gorgonzola focaccia with walnuts and chicory

I always knew them as “pizza strips” and I didn’t connect the dots until years later that my favorite snack was a type of focaccia, with a distinctly Italian-American spin.

I still love pizza strips. They are very much a tradition in Southern New England although those family bakeries don’t populate the map as profusely as they once did. My kids chow on pizza strips when we visit my family in Rhode Island – there’s nothing like them in the Midwest where they live now.

The focaccia I’m presenting here – with its topping of sweet-savory caramelized onions, bitter greens, gorgonzola cheese and toasted walnuts – is only distantly related to the strips I described. It’s the base that bears a similarity; a basic pizza dough enriched with olive oil.

Check out this post from Almost Italian for an authentic take on pizza strips.

Also, Goat Cheese, Roasted Grape and Walnut Bruschette from A Little Saffron are a delicious inspiration.

gorgonzola focaccia with red onion, chicory and walnuts

Serving Size: 8 slices

For this recipe I used Petite Tango, a curly, spicy lettuce I found in an assortment of heirloom greens at the grocery store. If you can't find it, use leaves from a head of chicory or frisee.

Ingredients

For focaccia dough:

2 ½ cups all-purpose flour

1 teaspoon salt

1 teaspoon instant yeast

1 tablespoon olive oil

For topping:

2 tablespoons olive oil

1 large red onion, sliced

1 teaspoon sugar

1/2 teaspoon salt

1 teaspoon balsamic vinegar

½ cup crumbled Gorgonzola cheese

1/2 cup each shredded radicchio and baby chicory or frisee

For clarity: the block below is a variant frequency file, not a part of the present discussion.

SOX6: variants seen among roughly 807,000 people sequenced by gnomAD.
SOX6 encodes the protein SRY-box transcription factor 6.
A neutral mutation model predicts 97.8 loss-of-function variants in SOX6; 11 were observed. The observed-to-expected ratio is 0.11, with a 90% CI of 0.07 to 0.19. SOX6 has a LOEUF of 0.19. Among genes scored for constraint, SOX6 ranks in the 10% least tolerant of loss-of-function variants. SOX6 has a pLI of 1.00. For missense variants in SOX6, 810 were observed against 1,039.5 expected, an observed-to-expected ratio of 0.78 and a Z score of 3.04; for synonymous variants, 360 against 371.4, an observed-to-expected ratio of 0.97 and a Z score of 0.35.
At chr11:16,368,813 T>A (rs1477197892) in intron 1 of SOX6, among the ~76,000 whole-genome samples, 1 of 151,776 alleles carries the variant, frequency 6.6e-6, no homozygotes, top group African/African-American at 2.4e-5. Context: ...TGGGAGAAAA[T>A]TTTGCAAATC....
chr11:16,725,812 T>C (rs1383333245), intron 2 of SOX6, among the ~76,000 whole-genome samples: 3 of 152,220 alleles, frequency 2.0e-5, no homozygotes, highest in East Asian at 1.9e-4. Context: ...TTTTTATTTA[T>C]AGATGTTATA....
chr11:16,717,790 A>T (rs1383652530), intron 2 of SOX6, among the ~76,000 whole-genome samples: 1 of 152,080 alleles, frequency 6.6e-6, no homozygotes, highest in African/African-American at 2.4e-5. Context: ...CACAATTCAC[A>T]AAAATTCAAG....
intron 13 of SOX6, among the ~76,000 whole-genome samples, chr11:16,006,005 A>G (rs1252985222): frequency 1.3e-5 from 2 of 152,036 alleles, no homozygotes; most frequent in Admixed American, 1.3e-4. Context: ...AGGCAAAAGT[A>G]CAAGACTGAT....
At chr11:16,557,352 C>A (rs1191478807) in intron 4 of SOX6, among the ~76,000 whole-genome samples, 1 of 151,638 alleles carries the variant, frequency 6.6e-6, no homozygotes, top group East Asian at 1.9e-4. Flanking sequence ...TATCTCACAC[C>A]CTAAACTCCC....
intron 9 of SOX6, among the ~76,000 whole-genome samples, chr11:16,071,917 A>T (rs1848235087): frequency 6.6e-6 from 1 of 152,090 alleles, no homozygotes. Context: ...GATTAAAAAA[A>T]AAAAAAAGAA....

1/4 cup toasted walnuts, chopped

Instructions

  1. Combine the flour, 1 teaspoon salt, yeast and oil in the bowl of an electric mixer. Stir in 1 cup water.
  2. Mix on medium speed until dough comes together, about 2 minutes. Cover bowl loosely with a towel and let rest 5 minutes.
  3. Switch to the dough hook and knead dough for 1 minute – the dough should be fairly sticky but stretchy.
  4. Transfer dough to an oiled bowl, cover and let rise until doubled in bulk; about 2 hours. Alternatively, cover the bowl and place in the refrigerator overnight. Next morning, let the dough come to room temperature and let rise until doubled in bulk.
  5. Meanwhile, heat the oil in a large nonstick skillet over medium-high heat. Add the onions, sugar and salt. Stir, then lower heat and cover the pan.
  6. Cook 15 minutes or until the onions are very soft. Uncover and continue cooking until the onions are deep brown, stirring frequently. Stir in the balsamic vinegar and set aside.
  7. Preheat oven to 450 degrees.
  8. Place the dough on an oiled 13 x 9-inch rimmed baking pan and spread the dough toward the edges of the pan – it will spring back and not quite reach. Cover and let rest 20 minutes.
  9. Gently dimple the dough while stretching with your fingers to evenly cover the pan the rest of the way. Bake 10 minutes.
  10. Distribute the onions over the top of the focaccia and bake another 10 minutes.
  11. Sprinkle the cheese, radicchio, chicory and walnuts over the onions and return to the oven; bake an additional 5 minutes to slightly melt the cheese and wilt the greens.
  12. Cut into serving pieces with a sharp knife or pizza cutter. Serve warm or at room temperature.
http://familystylefood.com/2013/02/gorgonzola-focaccia-chicory-and-walnuts/